Is it possible, on the cobbled path of grieving, to one day imagine that you will feel strong enough to hold your grief and reach out to others in need? If you had asked me this question a decade ago after the death of my fourteen-year-old daughter Elizabeth from a rare bone cancer, I would have said no. How could I possibly carry the heavy weight of grief and be strong enough to help others who are suffering or needing help on their life’s journey?
And yet, there were moments when I saw a mother pushing a teenager in a wheelchair, and my instinct was to help them by holding open the doors to a store so they could get in easily, or when a bald child and his father walked by and I gave them my biggest smile trying to brighten their day.
In time, when my grief lessened its debilitating grip, I thought about how I could help parents and their children who are hospitalized. I returned to the children’s hospital where Elizabeth received her treatments to lead a journal writing program for parents, caregivers, and adolescent patients. From personal experience and from many research studies that I read, I learned that writing in a journal for even fifteen minutes a day can lead to improved wellbeing.
Now, I bring journals to the children’s hospital floors and speak with parents and teenage children about how writing can help to reduce stress, honor grief, and celebrate victories. I’ve received overwhelmingly positive responses to this program. And, the writing program has expanded into the Pediatric Intensive Care Unit (PICU), the Neonatal Intensive Care Unit (NICU), and the Pediatric Oncology Radiation clinic, with nurses, social workers, and spiritual care providers leading the journal writing program in these areas.
I believe that the instinct to help others is within each and every one of us. Many who are bereaved choose a cause to support like Mothers Against Drunk Driving, Alex’s Lemonade Stands to raise money for children’s cancer, or bereaved parents whose child has died from a drug overdose talking with other parents about the opioid epidemic.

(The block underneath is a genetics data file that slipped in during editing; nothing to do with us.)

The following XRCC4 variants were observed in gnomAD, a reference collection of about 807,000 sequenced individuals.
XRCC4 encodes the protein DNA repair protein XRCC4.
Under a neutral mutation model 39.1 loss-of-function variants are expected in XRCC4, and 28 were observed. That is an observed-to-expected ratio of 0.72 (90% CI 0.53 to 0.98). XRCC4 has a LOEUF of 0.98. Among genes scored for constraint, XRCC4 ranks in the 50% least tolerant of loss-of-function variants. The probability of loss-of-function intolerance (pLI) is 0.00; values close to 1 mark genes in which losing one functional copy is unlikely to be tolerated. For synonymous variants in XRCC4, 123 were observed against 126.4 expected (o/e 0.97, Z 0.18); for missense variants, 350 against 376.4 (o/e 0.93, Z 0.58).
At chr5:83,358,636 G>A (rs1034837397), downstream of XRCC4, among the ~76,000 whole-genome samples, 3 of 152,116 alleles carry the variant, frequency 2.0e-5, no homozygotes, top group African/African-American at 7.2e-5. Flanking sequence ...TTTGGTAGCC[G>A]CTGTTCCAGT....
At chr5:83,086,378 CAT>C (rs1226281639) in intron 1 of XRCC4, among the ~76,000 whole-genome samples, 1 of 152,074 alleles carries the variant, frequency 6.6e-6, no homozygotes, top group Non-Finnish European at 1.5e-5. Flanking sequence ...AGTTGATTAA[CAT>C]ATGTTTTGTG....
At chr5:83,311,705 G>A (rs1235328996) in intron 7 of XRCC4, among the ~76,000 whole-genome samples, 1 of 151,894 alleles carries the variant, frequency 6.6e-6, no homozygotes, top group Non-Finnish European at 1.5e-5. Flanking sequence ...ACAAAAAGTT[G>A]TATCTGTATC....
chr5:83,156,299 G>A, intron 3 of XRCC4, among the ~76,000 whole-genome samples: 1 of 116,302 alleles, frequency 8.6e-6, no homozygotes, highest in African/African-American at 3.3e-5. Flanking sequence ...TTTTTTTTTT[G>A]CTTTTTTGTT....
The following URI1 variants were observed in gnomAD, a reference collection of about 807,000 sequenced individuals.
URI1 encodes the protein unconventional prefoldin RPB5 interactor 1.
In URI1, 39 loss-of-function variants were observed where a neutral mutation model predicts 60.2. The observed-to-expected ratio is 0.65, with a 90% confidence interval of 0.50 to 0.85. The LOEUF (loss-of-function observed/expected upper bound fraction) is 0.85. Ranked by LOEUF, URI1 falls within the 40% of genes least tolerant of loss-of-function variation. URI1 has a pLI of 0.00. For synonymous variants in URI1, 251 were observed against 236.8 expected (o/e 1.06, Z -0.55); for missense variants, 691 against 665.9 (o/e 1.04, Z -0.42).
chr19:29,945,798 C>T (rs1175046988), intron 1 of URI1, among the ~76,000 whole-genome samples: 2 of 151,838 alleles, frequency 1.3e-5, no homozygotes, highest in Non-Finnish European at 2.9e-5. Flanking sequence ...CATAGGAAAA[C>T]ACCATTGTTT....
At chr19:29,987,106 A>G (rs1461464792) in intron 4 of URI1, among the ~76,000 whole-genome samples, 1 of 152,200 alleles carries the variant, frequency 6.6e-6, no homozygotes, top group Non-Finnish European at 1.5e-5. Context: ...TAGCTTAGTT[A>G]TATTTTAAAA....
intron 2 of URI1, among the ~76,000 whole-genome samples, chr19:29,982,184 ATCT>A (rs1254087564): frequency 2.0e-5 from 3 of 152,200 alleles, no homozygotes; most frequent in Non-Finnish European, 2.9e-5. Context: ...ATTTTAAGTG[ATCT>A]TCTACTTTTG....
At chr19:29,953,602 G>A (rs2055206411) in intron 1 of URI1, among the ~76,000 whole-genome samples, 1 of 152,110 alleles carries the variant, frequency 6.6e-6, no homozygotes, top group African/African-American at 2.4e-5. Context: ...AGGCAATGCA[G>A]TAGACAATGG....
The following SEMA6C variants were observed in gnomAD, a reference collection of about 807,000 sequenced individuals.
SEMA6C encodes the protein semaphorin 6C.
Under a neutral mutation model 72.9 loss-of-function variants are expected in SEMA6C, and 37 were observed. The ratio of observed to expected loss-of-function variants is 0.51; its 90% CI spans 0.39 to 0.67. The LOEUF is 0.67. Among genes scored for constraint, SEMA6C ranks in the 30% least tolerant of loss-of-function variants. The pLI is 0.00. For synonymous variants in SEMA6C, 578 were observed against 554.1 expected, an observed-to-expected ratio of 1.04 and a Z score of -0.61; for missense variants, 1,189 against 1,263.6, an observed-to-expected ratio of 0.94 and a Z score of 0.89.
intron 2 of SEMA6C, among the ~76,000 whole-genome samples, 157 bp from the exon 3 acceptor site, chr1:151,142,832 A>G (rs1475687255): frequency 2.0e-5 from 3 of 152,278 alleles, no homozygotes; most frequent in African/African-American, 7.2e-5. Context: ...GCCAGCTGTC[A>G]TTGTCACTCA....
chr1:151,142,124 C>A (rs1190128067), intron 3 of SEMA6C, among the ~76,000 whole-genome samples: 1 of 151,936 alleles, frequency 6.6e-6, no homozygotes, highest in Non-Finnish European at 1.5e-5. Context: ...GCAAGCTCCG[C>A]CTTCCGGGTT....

And by offering our kindness to others, we are not only honoring our loved one who has died, but we are helping ourselves too. Studies have shown that acts of kindness can:
improve emotional wellbeing;
reduce the levels of the stress hormone cortisol;
reduce loneliness by the connection to others;
help decrease anxiety and depression;
lower blood pressure; and
boost optimism and self-esteem.
Our lives have been forever changed by the loss of a loved person, but we have ways to honor who we have loved and help ourselves along our life’s journey.
Author the Author
Faith Fuller Wilcox believes that self-expression through writing leads to healing. Her writing is reflective of a growing body of medical research about “narrative identity,” which illuminates that how we make sense of what happens to us and the meaning we give to experiences beyond our control directly impact our physical and psychological outcomes.
Faith learned these truths firsthand when her fourteen-year-old daughter, Elizabeth, was diagnosed with a rare bone cancer that took her life. Faith’s journey from grief and despair to moments of comfort and peace taught her life-affirming lessons, which she shares today through her writing. Faith is the author of Hope Is A Bright Star: A Mother’s Memoir of Love, Loss, and Learning to Live Again, published in June 2021. Faith is also the author of Facing Into The Wind: A Mother’s Healing After the Death of Her Child, a book of poetry.
A longtime resident of Massachusetts, Faith leads a journal writing program at MassGeneral Hospital for Children for patients and their families designed to give participants the opportunity to express themselves, alleviate stress, celebrate victories, and honor their grief. As co-chair of Mass General Hospital for Children’s Family Advisory Council, she works with parents and medical staff to improve the lives of patients and their families.